From Webster’s New Illustrated Dictionary based on the Unabridged Dictionary of Noah Webster, Revised and edited by Edward T. Roe and Charles Leonard-Stuart, Published by syndicate Publishing Company of New York in 1911. (Thanks to creative commons from Sue Clark on Flickr)

This isn’t exactly a single discovery, but I chose it because there are simply so many Nobel Prizes to do with X-rays! A quick search through the database of Nobel Prizes showed up 12 prizes that I thought were pretty closely related to x-rays, and the radiation that causes them, in physics, chemistry, and even biology. I can only really claim to know about the biochemical uses of x-rays, where they’re used to work out the structures of proteins that have been crystallized. The same technique was also used by Rosalind Franklin (who sadly didn’t win a Nobel Prize) to visualise the structure of DNA. The first Nobel Prize awarded in this field was to Wilhelm Roentgen, so originally they were called Roentgen Rays.

The British Library has a good page on Roentgen… http://www.bl.uk/learning/artimages/bodies/xray/roentgen.html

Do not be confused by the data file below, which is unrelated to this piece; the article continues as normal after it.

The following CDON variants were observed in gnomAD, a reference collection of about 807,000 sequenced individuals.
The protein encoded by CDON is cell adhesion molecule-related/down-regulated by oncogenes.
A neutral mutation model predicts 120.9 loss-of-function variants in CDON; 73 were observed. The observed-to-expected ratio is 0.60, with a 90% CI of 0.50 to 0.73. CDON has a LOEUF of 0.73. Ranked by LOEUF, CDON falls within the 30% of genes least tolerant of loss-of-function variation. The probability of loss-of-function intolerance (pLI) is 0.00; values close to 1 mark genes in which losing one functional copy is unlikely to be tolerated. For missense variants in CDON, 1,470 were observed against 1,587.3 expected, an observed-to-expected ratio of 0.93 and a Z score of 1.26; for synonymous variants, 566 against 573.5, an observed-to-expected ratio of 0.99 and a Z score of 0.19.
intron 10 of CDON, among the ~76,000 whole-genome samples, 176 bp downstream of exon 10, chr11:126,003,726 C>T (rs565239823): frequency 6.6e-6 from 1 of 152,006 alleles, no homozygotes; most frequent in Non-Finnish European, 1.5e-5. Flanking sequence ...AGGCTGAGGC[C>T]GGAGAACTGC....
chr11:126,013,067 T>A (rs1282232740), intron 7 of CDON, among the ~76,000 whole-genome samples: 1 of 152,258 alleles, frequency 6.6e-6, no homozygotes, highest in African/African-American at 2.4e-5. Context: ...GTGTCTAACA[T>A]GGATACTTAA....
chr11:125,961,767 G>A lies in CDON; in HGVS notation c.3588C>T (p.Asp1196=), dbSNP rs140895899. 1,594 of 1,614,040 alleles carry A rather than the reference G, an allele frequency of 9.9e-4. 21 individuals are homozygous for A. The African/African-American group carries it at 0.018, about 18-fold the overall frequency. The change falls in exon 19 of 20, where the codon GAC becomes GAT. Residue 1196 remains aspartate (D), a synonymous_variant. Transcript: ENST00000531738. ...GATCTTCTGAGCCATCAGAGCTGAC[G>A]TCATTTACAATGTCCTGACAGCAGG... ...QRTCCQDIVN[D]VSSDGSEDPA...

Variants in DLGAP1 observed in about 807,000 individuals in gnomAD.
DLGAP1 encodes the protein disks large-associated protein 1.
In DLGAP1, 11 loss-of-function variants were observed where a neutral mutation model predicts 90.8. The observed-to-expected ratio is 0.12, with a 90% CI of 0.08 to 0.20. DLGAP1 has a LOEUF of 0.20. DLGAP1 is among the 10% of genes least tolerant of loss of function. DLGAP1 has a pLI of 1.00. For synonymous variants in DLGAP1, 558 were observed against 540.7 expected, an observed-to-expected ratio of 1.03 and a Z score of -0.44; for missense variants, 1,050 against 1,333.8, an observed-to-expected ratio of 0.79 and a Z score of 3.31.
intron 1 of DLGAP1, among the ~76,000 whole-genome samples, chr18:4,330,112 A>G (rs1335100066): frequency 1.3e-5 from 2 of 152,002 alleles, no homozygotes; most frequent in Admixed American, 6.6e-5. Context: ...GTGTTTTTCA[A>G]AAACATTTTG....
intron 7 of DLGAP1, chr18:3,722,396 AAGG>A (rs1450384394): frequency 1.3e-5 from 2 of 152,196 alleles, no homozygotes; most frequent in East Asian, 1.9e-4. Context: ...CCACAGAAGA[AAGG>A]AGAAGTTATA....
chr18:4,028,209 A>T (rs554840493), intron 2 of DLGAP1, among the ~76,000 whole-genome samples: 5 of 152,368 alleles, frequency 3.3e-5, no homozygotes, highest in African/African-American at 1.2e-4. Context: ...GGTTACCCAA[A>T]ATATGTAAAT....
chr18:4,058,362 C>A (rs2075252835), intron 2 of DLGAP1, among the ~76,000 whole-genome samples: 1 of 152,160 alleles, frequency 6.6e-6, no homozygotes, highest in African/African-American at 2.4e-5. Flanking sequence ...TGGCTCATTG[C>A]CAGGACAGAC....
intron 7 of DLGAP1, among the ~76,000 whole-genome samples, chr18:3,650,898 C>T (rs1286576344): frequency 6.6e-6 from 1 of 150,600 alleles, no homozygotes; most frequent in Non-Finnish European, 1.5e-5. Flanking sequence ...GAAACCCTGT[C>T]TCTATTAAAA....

The Nobel Prize in Physics 1901

Wilhelm Conrad Röntgen

“in recognition of the extraordinary services he has rendered by the discovery of the remarkable rays subsequently named after him”

 

Here’s the others that I could find that are related to x-rays (click to find out more) – comment if you find any more though!
The Nobel Prize in Physics 1902, The Nobel Prize in Physics 1903, The Nobel Prize in Chemistry 1911, The Nobel Prize in Physics 1914, The Nobel Prize in Physics 1915, The Nobel Prize in Physics 1917, The Nobel Prize in Physics 1924, The Nobel Prize in Chemistry 1936, The Nobel Prize in Physiology or Medicine 1946, The Nobel Prize in Chemistry 1964, The Nobel Prize in Physics 2002

(Title Image is a ‘Template from Crick and Watson’s DNA molecular model, 1953′ used thanks to creative commons from Science Museum London on Flickr)

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About the author: Lisa Heywood

Microbiology and biochemistry masters student at the University of Sheffield, with interests in science communication (and tea!)